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Ch. 12: What's happening to the Antarctic?
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Author:  Chris OConnor [ Tue Jun 16, 2020 6:35 pm ]
Post subject:  Ch. 12: What's happening to the Antarctic?

A Farewell to Ice: A Report from the Arctic
by Peter Wadhams


Please use this thread to discuss Ch. 12: What's happening to the Antarctic?.

Author:  Robert Tulip [ Wed Oct 14, 2020 5:29 am ]
Post subject:  Re: Ch. 12: What's happening to the Antarctic?

Chapter 12: What’s Happening to the Antarctic?
The South Pole is like a planetary air conditioner. Its land area is about the same as the sea area in the Arctic. But Antarctic sea ice is expanding, not shrinking, a strange anomaly given the forcing of global warming. Or at least it was when Wadhams wrote in 2016. Here is a chart from https://nsidc.org/data/seaice_index showing the previous increase in the annual maximum followed by sudden collapse until 2019, with the 2020 figure showing a tiny increase.
Image Wadhams explains how with Antarctica surrounding by the heaving seas of the Southern Ocean, its annual sea ice growth cycle follows very different methods compared to the North Pole. He went on a study in 1986 which found that the sea ice frontier grows as a dense suspension called frazil, which then accretes into pancakes, only becoming fully solid hundreds of kilometres in from the edge of the ice, forming roughly jumbled shapes. The sea ice remains thin enough for light to penetrate enabling algae to grow underneath through the winter, and is still very little understood. Meanwhile, the ocean dumps a lot more snow on top of the ice than in the Arctic, which pushes the ice surface under the sea surface, creating a wet slush.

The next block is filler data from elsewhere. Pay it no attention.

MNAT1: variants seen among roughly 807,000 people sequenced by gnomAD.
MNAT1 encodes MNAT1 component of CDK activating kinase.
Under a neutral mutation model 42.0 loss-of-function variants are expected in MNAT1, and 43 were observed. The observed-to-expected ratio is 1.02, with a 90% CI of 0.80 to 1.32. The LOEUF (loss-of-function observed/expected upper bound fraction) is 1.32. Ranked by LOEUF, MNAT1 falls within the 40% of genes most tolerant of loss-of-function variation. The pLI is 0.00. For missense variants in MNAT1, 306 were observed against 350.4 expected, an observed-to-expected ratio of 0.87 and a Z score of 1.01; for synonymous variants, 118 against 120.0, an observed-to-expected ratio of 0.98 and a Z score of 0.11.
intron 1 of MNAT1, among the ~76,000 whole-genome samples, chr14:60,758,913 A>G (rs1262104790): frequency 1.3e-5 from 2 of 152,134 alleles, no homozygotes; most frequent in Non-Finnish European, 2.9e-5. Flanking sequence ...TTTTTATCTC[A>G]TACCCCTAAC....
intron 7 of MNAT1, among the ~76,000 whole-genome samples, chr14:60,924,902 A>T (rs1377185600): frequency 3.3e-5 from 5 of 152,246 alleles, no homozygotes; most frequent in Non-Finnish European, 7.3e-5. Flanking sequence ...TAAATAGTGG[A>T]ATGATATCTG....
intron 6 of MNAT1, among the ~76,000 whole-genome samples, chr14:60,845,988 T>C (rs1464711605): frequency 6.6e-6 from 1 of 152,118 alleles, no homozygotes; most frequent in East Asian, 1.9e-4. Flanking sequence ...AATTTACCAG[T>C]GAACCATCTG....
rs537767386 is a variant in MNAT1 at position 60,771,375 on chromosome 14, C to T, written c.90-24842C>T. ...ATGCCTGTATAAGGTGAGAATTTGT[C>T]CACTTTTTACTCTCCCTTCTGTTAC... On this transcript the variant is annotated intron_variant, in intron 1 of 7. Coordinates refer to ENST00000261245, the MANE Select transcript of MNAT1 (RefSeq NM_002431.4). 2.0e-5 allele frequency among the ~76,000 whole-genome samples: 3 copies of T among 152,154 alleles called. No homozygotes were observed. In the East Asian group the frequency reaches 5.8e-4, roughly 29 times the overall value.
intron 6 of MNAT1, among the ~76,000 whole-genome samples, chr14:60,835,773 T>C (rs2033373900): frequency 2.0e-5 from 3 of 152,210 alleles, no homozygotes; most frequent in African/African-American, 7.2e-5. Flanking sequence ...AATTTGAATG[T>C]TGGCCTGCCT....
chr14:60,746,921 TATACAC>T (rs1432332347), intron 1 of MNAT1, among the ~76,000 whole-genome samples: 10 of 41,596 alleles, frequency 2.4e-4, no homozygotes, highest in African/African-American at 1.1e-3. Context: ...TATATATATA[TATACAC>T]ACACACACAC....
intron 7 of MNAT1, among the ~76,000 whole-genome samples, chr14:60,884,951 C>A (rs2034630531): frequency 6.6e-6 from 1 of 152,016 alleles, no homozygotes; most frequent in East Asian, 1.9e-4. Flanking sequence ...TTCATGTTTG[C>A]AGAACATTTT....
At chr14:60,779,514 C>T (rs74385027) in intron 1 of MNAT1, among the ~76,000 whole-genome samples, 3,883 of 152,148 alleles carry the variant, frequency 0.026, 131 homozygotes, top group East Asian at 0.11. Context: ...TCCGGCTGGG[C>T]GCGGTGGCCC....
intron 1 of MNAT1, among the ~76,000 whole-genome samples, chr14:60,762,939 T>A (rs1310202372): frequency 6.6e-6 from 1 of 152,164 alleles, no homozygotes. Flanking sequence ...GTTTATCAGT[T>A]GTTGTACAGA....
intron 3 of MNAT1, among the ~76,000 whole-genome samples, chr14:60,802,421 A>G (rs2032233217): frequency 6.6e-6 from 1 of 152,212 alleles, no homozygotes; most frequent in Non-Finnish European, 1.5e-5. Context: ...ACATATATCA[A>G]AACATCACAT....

The growth of Antarctic sea ice area is a conundrum for climate models, given that polar air temperature has increased rapidly over the last fifty years, up to 3°C at one site. One explanation is that higher wind speeds and bigger waves caused by warming are spreading the ice out, suggesting the growth in extent is a strictly limited anomaly.

Overall, Wadhams says Antarctica’s continental glacial ice was shrinking by about eighty cubic kilometres per year, compared to at least 300 km3 from Greenland. A more recent source puts the Greenland loss at 500 km3 per year, close to double Wadhams' figure, and four times faster than in 2003, with the ice is sliding into the ocean on its bedrock due to the surface melt lubricating the whole ice mass.

At both North and South Poles, ice sheets could rapidly disintegrate as warmer water melts them from underneath. Wadhams concludes this chapter by observing that the Arctic is the driver and the Antarctic is the trailer in the global warming road race to oblivion.

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